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University of Nebraska officials say they acted properly in Title IX cases


University of Nebraska officials say they acted promptly and properly in handling complaints of sexual misconduct against athletes and other male students, according to a motion filed Thursday to dismiss a lawsuit in which nine women allege sex discrimination and violations of the Title IX gender-equity law.

The lawsuit filed in July 2020 in the U.S. District Court for the District of Nebraska details multiple allegations from the women — one of whom is a former Nebraska volleyball player — that the school mishandled complaints of sexual assault and harassment, including reports involving accusations against at least five athletes.

The lawsuit alleges violations under the Title IX gender-equity law, as well as racial discrimination, negligence and lack of due process. In it, the women allege that school officials made errors in their investigations of some of the women’s reports. The lawsuit states that the university “handled sexual misconduct complaints against student-athletes in a different manner than how other complaints were handled.”

Although not named directly, two of the athletes referenced in the lawsuit — Katerian LeGrone and Andre Hunt — are former Nebraska football players facing criminal sexual assault charges in Lancaster County, Nebraska. A female student — who is not a party to the lawsuit — told the police and NU’s Title IX office that the players raped her in August 2019. The university expelled them last spring.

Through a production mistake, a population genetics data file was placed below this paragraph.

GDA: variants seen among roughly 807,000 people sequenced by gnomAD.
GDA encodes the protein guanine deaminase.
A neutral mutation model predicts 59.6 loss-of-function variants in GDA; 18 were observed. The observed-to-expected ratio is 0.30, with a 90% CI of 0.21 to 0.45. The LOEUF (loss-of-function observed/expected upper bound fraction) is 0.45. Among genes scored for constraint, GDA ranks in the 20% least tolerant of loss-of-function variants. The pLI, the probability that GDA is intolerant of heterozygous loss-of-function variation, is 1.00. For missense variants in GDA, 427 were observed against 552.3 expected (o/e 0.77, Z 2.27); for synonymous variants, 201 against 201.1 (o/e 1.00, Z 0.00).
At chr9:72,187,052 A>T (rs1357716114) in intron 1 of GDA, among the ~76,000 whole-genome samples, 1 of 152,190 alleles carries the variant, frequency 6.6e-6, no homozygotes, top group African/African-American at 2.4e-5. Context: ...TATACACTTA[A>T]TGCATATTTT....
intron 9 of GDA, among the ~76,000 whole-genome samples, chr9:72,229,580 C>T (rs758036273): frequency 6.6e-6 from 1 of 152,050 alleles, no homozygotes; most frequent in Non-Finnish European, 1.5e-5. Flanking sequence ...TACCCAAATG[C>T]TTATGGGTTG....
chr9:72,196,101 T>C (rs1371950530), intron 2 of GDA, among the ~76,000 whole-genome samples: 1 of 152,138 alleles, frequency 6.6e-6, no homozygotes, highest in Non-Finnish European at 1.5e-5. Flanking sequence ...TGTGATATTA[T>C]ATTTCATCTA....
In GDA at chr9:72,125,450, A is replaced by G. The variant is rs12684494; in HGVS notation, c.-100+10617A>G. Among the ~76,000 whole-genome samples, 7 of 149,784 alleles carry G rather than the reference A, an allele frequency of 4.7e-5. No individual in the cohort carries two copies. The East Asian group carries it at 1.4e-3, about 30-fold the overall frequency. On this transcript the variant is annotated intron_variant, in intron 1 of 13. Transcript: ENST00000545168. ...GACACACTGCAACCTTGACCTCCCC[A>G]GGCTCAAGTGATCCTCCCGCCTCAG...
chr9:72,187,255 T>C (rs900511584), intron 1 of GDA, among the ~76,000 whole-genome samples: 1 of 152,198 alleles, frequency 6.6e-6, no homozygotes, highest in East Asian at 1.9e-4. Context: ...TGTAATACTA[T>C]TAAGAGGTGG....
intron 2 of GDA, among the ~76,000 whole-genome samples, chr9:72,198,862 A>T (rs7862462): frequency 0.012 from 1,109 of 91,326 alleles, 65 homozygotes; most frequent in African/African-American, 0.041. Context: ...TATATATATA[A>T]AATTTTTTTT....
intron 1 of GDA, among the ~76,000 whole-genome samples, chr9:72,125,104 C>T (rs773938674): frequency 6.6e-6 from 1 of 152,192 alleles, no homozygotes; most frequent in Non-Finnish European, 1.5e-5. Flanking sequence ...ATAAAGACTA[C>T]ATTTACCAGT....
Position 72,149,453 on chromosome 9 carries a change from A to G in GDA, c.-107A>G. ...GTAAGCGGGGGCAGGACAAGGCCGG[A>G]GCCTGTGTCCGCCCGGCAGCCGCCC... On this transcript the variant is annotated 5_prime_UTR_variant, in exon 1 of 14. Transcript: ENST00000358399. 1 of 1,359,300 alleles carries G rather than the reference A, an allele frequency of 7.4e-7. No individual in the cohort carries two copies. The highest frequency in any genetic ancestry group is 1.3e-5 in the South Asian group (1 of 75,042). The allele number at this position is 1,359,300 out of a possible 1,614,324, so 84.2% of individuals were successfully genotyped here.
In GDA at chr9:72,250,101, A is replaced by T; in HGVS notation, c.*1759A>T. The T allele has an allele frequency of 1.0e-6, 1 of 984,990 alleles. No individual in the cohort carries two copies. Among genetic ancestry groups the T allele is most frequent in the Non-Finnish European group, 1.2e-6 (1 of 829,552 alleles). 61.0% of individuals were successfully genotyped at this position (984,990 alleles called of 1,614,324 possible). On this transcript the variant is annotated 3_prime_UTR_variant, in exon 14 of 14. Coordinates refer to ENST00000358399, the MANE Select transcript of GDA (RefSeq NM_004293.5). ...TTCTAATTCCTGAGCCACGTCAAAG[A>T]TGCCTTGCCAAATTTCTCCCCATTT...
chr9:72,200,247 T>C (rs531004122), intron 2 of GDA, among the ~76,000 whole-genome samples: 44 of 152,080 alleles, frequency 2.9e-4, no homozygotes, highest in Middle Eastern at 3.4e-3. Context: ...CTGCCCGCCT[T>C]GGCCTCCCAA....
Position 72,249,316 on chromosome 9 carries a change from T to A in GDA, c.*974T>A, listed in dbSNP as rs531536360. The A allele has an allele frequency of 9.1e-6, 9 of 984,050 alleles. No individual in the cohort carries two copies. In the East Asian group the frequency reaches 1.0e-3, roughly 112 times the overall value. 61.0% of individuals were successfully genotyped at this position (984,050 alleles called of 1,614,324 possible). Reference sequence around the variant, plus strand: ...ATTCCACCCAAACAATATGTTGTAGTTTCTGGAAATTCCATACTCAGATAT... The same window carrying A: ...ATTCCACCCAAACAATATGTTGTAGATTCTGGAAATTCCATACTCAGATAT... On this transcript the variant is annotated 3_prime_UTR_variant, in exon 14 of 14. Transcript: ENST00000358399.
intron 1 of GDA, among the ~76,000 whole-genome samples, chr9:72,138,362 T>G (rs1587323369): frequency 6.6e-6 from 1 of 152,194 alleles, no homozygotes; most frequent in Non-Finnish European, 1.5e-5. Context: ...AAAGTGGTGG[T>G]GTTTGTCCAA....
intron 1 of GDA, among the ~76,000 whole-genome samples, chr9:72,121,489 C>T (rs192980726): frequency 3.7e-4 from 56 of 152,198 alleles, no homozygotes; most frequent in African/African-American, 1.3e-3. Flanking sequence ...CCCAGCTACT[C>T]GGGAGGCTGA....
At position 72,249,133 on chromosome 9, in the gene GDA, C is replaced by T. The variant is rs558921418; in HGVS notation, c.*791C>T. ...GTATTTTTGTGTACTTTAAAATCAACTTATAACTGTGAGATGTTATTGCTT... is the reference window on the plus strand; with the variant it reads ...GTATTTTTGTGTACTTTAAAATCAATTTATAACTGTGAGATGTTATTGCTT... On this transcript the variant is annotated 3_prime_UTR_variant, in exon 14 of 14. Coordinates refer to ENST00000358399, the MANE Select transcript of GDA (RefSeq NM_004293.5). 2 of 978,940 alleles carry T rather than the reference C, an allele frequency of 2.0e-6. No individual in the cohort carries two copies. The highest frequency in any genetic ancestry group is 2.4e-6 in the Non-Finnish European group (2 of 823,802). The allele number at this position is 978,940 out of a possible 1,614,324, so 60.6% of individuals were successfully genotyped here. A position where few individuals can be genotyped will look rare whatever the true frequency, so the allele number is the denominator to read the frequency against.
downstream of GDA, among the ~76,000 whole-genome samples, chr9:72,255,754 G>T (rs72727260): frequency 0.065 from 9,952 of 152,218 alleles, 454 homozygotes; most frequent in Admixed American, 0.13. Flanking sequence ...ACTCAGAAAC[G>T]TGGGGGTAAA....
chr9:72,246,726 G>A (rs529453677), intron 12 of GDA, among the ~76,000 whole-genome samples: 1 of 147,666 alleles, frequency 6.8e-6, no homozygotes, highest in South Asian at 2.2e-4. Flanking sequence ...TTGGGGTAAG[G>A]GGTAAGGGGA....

Former NU volleyball player Capri Davis, who is named in the lawsuit, and a friend using the pseudonym Jane Doe 4 reported to NU’s Title IX office in April 2019 that LeGrone and Hunt “placed their hands on the women’s buttocks, and grabbed them without their consent at a party” the previous month.

The lawsuit says “no investigation was initiated at the time” and they did not hear from Title IX investigators until they reported the incident again that fall after they learned of the alleged rape in August.

In its response, the university says that the women did not file a formal complaint in April 2019 or ask for an investigation.

After the university started its investigation that fall, Jane Doe 4 reported also being sexually assaulted by LeGrone and another football player in August 2018. In neither case did Nebraska Title IX investigators find the athletes responsible for sexual misconduct.

The lawsuit states Jane Doe 4 told an investigator that she had a class with one of the men, and the investigator did not offer her options to avoid him, such as removing him from the class or allowing her to switch classes or attend remotely. Nebraska’s motion to dismiss the lawsuit does not specifically address this allegation.

The motion to dismiss states the women were not able to identify exactly which player allegedly touched them inappropriately and at what point during the March 2019 party. The motion also says that the behavior, “while indecent, does not amount to ‘severe, pervasive and objectively offensive’ conduct” that can be said to deprive the women of access to education.

In the August 2018 incident, the woman reported she was having sex with one man when his friend switched places and started having sex with her without her consent. According to the motion, both men said the second man was never in the room, and there were no other witnesses to back up the woman’s version of events.

The motion states it is appropriate to dismiss a case “in which a plaintiff alleges deliberate indifference but in reality simply disagrees with the outcome reached by the school.”

In other detailed responses to the allegations, the motion notes instances where university officials state the women gave different versions of events in separate interviews, did not ask for certain accommodations or actions, or declined to make formal reports.

“Plaintiffs fail to allege facts to support their claim that the State Officials violated their constitutional rights,” the motion states. “Instead, Plaintiffs set forth broad conclusory allegations more conducive to creating scandal than proving up a constitutional violation.”



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